The rationale for these changes is not clear. An early (leaked) draft of the white paper seemed to suggest that the pandemic had illustrated the need for stronger ministerial direction over the health system. But evidence that this would have boosted the NHS’s pandemic performance is hard to find. 

Standing back, the white paper should be understood in the context of the long history of NHS reform. In its first 30 years, the NHS’s structure was relatively stable. But over the past 30, the NHS in England has been on an almost constant treadmill of reform and reorganisation. Overall, evidence suggests that previous reorganisations have delivered little measurable benefit. The danger is that this latest round distracts the system at a time when services are starting to recover from COVID-19. The NHS has a long list of other priorities – including addressing the backlog of unmet care needs, fixing chronic staff shortages, and working with others to help tackle wide and unjust health inequalities. 

The white paper is also silent on how government plans to deliver the Prime Minister's promise to ‘fix’ adult social care in England ‘once and for all’. If it chooses to, government could afford to provide more generous care and support for vulnerable people and their families in England. But by ducking reform – again – government is choosing to prolong major public policy failure instead.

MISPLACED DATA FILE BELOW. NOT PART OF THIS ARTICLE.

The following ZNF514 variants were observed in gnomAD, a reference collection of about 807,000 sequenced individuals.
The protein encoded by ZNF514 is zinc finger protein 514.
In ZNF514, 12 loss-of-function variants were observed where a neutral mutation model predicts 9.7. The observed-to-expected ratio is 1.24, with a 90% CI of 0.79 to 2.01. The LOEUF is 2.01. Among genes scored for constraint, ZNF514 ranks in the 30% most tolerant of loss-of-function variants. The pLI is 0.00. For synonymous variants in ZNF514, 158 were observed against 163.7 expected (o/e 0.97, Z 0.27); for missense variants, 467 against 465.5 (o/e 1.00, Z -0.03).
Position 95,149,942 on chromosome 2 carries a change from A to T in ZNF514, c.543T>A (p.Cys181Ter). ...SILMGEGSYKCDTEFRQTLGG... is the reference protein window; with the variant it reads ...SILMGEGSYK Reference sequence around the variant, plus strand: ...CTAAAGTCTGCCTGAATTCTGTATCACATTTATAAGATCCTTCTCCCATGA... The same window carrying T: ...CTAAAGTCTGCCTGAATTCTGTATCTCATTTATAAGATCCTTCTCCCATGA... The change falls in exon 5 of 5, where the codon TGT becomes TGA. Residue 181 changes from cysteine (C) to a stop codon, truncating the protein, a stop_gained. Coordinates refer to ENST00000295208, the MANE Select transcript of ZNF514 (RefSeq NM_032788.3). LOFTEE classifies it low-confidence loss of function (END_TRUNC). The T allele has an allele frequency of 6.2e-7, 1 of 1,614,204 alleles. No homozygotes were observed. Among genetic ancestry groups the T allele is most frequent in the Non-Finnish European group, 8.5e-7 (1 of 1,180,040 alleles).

We’ve been analysing the proposals for NHS reform as they’ve emerged over the past few months. In this piece for the BMJ, we used evidence on past NHS reorganisations to assess the latest proposals and understand their potential effects. We published analysis on what the proposals may mean for primary care networks (PCNs) in England, collaborating with colleagues involved in the University of Birmingham, RAND Europe and Cambridge Rapid Evaluation Centre’s study of the first year of PCNs. And we will be taking a deeper look at the key proposals in our webinar on 11 March: The Health and Care White Paper unbound. We also plan to publish further analysis on the reform proposals as they develop over the rest of the year.  

Health system reform is a core focus of the policy team’s work at the Health Foundation. Aside from the white paper, our research this year will focus on identifying policies to tackle inequalities in primary care, what the NHS can do to address people’s social and economic needs, how policymakers in the NHS and government can plan more effectively for the long term, and more. We will also be looking at the evidence behind major reform approaches in the NHS – such as collaboration between health and social care – and health priorities for the NHS and government as the country begins to plan its recovery from the pandemic. You can read more about the team’s work here.  

Hugh Alderwick (@hughalderwick) is Head of Policy at the Health Foundation. 

This content originally featured in our email newsletter, which explores perspectives and expert opinion on a different health or health care topic each month.